2013 Inductee Beacom family helps create new Avera transition unit

Premier Bankcard CEO Miles Beacom found himself facing the same health care hurdle as many families a few years ago.

His father, Bart, needed hospice care. And there were no beds.

Avera Prince of Peace cobbled together a solution. A room in a different part of the facility was used with extra support.

“And it was great. He enjoyed the help,” Miles Beacom said. “About a week later (a hospice) room opened up and we asked if he wanted to move (and he didn’t).”

Bart Beacom passed away on Christmas Day, 2011, in the same facility.

“And his end of life care was incredible,” Miles Beacom said.

His wife, Lisa, also logged many hospital visits with her late father, Harold Reischl.

“We just really wanted to do something in memory of both,” Miles Beacom said.

That opportunity came in the form of the Beacom Transitional Care Unit, which opened recently as part of the Avera Prince of Peace Retirement Community in southeast Sioux Falls.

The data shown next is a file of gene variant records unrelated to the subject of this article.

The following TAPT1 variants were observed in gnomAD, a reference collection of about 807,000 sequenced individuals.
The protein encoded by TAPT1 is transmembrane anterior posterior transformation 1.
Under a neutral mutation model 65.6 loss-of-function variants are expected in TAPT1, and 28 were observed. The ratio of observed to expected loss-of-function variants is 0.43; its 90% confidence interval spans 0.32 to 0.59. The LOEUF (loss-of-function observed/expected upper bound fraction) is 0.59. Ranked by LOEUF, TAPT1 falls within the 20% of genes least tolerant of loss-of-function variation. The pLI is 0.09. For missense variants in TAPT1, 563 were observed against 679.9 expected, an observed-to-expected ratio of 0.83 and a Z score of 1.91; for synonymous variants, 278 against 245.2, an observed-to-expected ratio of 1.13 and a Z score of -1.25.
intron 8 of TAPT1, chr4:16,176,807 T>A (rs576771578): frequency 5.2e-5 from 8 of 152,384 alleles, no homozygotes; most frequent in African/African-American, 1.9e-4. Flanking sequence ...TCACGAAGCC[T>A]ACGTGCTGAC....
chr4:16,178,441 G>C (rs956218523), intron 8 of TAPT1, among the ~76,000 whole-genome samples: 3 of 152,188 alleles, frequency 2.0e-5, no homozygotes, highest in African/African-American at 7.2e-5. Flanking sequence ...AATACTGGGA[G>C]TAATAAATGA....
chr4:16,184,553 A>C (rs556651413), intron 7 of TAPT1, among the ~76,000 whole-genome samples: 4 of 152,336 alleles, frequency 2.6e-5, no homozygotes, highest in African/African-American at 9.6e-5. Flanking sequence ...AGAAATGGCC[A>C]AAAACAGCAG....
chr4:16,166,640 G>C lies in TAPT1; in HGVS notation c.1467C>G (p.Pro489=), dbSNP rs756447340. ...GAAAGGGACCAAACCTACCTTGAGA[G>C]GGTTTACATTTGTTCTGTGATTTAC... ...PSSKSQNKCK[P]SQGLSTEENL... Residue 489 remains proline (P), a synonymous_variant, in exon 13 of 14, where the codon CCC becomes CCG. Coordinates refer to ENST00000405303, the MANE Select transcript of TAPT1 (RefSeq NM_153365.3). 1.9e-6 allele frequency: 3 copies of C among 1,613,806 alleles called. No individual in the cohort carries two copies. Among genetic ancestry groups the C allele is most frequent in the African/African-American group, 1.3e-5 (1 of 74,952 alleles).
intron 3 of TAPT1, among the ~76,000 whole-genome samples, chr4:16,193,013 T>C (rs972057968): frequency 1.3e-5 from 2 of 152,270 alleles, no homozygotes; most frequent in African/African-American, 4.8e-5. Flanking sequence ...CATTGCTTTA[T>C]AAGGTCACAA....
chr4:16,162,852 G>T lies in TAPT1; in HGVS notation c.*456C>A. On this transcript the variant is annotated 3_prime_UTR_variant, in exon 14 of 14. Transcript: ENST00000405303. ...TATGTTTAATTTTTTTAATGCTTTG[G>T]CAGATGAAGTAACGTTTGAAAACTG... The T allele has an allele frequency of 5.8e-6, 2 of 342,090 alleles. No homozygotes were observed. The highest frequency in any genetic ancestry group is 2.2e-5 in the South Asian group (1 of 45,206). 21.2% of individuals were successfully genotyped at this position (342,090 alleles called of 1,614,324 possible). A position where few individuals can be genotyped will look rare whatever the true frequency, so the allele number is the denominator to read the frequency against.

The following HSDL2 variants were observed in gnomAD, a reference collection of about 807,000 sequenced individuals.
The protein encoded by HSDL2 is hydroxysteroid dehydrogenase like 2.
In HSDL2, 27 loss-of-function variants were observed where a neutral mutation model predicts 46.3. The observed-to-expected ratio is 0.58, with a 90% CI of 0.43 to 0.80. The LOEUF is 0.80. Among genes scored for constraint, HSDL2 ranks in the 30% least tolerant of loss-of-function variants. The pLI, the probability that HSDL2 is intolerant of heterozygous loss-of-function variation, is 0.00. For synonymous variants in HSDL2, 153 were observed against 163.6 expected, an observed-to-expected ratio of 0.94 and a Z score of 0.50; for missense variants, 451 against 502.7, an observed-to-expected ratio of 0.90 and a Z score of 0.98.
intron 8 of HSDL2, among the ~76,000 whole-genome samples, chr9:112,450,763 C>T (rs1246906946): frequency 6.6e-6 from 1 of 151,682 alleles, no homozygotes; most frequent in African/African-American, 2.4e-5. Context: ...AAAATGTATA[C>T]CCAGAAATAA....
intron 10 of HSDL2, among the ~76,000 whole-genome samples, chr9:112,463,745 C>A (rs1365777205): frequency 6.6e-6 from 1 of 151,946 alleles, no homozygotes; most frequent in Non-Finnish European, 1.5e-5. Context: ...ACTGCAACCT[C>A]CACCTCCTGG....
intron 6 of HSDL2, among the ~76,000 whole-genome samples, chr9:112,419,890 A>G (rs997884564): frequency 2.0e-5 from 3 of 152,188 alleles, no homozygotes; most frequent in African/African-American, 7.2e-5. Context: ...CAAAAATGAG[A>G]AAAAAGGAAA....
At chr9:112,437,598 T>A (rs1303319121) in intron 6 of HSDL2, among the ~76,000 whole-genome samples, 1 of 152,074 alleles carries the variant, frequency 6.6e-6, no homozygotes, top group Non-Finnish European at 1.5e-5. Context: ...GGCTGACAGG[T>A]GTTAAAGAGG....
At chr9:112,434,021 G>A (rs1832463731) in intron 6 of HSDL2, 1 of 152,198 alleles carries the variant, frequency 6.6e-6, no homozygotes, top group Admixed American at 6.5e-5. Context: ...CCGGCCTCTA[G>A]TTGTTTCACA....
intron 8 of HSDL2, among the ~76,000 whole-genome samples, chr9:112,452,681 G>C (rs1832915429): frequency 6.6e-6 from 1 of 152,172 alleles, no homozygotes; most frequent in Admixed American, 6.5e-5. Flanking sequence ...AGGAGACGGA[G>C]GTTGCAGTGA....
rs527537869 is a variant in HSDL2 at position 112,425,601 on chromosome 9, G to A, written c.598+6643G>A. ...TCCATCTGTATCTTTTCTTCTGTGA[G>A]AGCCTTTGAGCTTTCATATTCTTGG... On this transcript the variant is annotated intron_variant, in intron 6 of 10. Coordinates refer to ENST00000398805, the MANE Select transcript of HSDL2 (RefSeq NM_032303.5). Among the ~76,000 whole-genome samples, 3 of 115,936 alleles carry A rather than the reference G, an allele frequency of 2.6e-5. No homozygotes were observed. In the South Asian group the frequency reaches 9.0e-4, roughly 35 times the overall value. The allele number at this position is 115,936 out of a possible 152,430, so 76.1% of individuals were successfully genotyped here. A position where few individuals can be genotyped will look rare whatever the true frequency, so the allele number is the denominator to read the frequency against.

The center can care for up to 24 patients who have specialized medical needs, including significant obesity, cognitive disabilities and other chronic medical conditions.

Finding the right place for such patients has been challenging, said Dr. Dave Kapaska, CEO of Avera McKennan Hospital & University Health Center.

He estimates social service workers regularly make up to 45 calls for such patients.

“We had patients in the hospital for 20, 30, 40 or even 100 days because no one could take care of them in an appropriate setting,” Kapaska said. “It’s an extraordinary obstacle.”

The newly renovated facility takes advantage of space left vacant by a recent addition at Prince of Peace.

The Beacom unit includes all private rooms with private bathrooms, dining spaces for socialization and connectivity to the larger Prince of Peace campus.

Several patients already have been admitted, and it’s expected to be fully operational with 42 staff by mid-December.

The $3 million project was covered in part by the Beacom’s undisclosed gift.

“I love it, because it’s really going to fill a void that’s been out there,” Beacom said. “What do you do in those in-between situations? We just didn’t have a place in the community for that, and there’s a huge need. They did it right. It’s very impressive.”

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